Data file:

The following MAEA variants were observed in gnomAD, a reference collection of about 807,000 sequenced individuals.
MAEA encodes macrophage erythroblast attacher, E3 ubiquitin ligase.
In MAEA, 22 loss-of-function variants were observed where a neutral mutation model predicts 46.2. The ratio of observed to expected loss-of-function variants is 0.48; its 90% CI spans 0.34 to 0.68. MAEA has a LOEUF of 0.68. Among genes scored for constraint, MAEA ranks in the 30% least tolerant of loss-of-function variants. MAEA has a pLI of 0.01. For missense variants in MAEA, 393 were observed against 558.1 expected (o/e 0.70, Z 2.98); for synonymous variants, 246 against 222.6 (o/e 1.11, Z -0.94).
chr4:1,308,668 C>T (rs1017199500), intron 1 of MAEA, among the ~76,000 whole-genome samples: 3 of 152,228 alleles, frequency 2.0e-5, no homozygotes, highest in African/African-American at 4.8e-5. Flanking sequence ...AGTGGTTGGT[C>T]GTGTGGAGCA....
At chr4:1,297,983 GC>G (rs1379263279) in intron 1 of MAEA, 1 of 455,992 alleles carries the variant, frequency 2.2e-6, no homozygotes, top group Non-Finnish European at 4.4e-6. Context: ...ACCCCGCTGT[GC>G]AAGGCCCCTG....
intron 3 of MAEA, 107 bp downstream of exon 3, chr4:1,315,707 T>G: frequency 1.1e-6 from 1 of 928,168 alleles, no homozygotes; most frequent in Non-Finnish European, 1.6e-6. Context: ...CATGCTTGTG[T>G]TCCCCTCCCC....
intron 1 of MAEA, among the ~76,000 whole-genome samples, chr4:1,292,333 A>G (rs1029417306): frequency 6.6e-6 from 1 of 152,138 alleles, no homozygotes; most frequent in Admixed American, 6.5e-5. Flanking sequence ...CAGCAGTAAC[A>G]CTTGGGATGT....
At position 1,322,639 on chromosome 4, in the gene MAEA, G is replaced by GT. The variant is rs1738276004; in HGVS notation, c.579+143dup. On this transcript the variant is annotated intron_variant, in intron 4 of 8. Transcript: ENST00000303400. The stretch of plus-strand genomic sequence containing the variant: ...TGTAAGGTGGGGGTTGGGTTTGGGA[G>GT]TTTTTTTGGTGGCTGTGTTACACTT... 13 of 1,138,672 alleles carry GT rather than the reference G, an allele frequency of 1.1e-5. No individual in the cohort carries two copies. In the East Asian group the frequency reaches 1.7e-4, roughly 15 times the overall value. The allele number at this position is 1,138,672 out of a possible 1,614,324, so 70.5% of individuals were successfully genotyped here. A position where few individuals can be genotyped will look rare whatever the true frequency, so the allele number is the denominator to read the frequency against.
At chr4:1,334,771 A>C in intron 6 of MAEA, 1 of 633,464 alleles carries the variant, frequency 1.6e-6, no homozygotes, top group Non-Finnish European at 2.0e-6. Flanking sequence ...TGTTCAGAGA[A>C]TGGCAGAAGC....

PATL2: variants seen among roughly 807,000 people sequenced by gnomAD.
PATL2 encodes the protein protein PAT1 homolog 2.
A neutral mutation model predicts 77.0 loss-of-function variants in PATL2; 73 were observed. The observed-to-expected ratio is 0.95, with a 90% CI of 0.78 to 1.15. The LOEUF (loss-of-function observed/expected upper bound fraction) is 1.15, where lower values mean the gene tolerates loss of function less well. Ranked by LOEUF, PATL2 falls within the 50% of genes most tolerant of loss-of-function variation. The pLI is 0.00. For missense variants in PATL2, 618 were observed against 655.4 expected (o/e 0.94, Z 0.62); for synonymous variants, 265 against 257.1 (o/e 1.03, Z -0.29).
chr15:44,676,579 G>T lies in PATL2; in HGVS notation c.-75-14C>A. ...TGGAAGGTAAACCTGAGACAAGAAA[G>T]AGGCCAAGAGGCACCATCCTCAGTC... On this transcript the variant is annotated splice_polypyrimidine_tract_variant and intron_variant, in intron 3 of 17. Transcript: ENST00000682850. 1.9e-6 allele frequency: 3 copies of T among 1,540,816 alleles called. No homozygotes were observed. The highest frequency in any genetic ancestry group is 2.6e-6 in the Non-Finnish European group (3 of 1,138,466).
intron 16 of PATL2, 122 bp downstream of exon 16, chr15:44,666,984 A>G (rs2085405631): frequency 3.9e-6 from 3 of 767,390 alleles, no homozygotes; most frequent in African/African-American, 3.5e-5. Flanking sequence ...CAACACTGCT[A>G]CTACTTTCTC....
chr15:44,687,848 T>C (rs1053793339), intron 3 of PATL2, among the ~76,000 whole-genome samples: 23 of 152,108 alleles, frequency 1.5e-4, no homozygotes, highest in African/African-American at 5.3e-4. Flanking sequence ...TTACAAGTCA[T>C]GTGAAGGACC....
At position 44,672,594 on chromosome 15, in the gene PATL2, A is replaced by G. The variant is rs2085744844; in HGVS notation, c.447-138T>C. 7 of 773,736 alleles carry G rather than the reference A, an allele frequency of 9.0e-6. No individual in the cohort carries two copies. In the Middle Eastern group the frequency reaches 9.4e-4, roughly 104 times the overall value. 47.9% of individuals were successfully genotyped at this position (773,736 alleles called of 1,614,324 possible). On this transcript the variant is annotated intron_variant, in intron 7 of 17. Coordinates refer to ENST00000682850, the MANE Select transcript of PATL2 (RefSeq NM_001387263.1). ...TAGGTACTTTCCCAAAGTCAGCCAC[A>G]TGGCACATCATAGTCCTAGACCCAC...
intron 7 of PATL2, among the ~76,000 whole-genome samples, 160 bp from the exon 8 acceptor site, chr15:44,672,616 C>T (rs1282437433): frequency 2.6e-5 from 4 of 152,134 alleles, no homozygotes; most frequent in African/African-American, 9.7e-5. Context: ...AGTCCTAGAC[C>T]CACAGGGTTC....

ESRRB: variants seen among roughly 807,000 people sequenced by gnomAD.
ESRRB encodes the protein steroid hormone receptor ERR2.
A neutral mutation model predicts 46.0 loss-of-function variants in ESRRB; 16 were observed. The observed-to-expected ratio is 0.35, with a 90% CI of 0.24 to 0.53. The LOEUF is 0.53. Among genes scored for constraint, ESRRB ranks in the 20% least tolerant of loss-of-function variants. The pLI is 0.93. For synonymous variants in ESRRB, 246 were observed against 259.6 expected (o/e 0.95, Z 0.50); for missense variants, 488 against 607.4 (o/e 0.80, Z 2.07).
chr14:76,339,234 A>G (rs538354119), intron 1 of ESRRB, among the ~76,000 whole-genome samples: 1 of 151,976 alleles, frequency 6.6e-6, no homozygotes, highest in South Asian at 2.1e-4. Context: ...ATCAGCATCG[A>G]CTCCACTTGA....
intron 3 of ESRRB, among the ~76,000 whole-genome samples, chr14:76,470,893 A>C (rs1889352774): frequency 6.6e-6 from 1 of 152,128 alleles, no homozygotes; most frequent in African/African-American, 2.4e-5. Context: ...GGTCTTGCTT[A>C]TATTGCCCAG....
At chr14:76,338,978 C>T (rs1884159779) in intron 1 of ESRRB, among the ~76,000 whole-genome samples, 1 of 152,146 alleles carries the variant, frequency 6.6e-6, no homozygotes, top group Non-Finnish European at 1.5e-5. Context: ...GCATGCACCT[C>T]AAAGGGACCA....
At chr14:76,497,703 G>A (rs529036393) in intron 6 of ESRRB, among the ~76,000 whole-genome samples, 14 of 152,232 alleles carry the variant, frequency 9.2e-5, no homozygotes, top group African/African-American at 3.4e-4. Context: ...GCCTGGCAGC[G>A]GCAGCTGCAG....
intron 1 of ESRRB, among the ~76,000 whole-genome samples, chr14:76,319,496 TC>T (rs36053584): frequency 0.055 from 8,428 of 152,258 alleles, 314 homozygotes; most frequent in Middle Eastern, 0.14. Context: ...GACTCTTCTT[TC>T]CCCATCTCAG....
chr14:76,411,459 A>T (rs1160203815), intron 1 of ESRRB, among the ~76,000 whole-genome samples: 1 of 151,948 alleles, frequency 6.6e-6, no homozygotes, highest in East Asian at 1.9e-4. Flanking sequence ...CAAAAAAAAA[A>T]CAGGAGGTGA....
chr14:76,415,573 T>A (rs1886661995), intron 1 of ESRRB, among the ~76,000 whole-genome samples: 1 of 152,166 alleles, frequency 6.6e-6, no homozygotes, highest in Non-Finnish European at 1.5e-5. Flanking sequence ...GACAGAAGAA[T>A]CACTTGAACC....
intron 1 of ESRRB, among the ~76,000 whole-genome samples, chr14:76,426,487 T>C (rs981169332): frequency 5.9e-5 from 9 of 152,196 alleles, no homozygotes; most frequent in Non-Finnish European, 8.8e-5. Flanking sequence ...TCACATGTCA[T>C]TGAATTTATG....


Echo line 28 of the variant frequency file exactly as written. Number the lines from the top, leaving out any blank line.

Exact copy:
intron 1 of ESRRB, among the ~76,000 whole-genome samples, chr14:76,426,487 T>C (rs981169332): frequency 5.9e-5 from 9 of 152,196 alleles, no homozygotes; most frequent in Non-Finnish European, 8.8e-5. Flanking sequence ...TCACATGTCA[T>C]TGAATTTATG....